Tobias laughed. “What?”
“Come on,” said Francis.
“My Honors English teacher perhaps. I don’t know. Maybe public radio.”
“Well, they’re wrong. The French leave the ‘l’ out of the word so of course they don’t pronounce it, but the Greeks and Romans did pronounce it because they included it. If it’s in, I say we in English better acknowledge it. Denial will get us nowhere.”
Tobias laughed. “Are you a lexicographer or a comedian?”
“I wish and don’t wish.” Francis pulled off one of his boots.
Francis laughed. He pulled off his other boot. “My middle name is Salmoneus. It’s a family name that traces back to the king of Elis. I’m sure you’re familiar with the crime and punishment of his more famous brother, Sisyphus.”
“Sisyphus, yeah, the great pusher,” Tobias said. It was the same reaction of delight Sisyphus always inspired. People loved Sisyphus.
“I too pretended to be Zeus.” He raised his fists, bearing firebrands, his lightning, as his chariot dragged brazen pots for thunder. “I was a writer.”
“Yeah, and I was also a professor. And before that I was a clerk and a handler and a sandwich maker. At the sandwich shop we made popcorn and caramel apples and cotton candy. That was fun.”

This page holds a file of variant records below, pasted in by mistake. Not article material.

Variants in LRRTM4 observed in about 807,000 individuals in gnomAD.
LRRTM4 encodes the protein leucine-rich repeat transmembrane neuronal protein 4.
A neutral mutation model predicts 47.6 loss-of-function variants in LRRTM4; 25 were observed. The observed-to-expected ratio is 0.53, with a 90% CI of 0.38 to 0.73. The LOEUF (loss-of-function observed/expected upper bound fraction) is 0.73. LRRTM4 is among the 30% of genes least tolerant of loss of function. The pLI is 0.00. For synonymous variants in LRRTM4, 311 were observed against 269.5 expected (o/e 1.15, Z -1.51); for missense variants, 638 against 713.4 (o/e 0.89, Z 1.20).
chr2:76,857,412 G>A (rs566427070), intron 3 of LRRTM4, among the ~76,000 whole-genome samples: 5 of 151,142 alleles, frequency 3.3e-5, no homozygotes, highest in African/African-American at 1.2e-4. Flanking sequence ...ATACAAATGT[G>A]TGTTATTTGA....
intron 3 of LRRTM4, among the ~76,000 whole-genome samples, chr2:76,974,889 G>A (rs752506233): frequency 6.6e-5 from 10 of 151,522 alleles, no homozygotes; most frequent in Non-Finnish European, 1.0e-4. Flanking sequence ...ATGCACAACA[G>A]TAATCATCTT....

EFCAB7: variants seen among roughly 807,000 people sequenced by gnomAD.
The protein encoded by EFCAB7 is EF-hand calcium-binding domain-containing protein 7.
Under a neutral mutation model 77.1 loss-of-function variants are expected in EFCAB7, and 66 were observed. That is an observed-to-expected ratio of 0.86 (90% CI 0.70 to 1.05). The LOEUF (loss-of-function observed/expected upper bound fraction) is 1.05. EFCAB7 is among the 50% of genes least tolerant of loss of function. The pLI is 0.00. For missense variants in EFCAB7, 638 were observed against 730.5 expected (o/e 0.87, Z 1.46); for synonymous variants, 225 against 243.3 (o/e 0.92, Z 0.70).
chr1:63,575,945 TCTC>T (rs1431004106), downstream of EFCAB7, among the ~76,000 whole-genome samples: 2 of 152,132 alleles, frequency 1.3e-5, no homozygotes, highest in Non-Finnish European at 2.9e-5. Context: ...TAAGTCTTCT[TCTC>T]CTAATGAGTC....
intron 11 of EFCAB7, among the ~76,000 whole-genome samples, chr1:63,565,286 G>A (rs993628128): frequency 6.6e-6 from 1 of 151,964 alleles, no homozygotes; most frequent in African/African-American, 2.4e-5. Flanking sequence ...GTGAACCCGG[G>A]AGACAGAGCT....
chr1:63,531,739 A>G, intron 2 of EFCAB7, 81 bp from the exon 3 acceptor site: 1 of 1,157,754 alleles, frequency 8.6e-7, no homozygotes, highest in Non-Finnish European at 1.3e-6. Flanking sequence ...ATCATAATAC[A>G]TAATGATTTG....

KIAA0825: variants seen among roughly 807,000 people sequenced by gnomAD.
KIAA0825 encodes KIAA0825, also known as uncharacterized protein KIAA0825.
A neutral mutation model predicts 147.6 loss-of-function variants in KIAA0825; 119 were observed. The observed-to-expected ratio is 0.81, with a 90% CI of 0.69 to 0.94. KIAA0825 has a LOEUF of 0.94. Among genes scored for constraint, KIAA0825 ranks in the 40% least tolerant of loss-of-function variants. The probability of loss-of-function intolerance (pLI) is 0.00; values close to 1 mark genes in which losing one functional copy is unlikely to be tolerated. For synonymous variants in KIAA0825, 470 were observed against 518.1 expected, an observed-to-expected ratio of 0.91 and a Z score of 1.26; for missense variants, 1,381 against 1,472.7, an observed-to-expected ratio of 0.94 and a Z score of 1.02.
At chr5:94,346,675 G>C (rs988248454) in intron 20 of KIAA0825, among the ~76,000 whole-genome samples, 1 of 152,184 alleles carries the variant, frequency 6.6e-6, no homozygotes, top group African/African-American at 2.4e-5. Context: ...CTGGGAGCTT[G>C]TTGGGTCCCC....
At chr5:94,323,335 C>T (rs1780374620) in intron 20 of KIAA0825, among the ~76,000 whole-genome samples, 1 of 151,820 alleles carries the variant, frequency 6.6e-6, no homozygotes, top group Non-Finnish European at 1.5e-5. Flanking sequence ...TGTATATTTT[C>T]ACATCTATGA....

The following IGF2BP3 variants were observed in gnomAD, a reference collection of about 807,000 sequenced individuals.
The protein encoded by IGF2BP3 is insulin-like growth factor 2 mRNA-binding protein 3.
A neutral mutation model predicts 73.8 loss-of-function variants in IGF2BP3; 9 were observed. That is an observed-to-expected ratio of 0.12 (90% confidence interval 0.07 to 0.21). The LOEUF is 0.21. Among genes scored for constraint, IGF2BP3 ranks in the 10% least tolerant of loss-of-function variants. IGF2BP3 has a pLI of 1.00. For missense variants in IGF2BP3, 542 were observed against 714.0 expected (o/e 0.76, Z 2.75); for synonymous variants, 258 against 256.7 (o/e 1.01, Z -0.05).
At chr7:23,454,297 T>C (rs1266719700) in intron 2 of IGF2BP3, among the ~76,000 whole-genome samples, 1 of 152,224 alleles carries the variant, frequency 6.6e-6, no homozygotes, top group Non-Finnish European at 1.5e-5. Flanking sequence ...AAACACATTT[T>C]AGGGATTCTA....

Tobias removed his feet from the coffee table and moved closer. “So what did you write?”
Francis sighed. “Gothic Southern family realism. Nothing new.” He rested his head back and stared at the yard through the glass door. A Chihuahua wandered by nosing the grass.
Francis and Tobias sat in silence. For a while only the fan seemed to breathe.
Then Tobias stood. “I need to get dinner started.” He motioned for Francis to follow him, and once again he led Francis through the house without turning on lights, though the sun shone brightly into the kitchen through a picture window.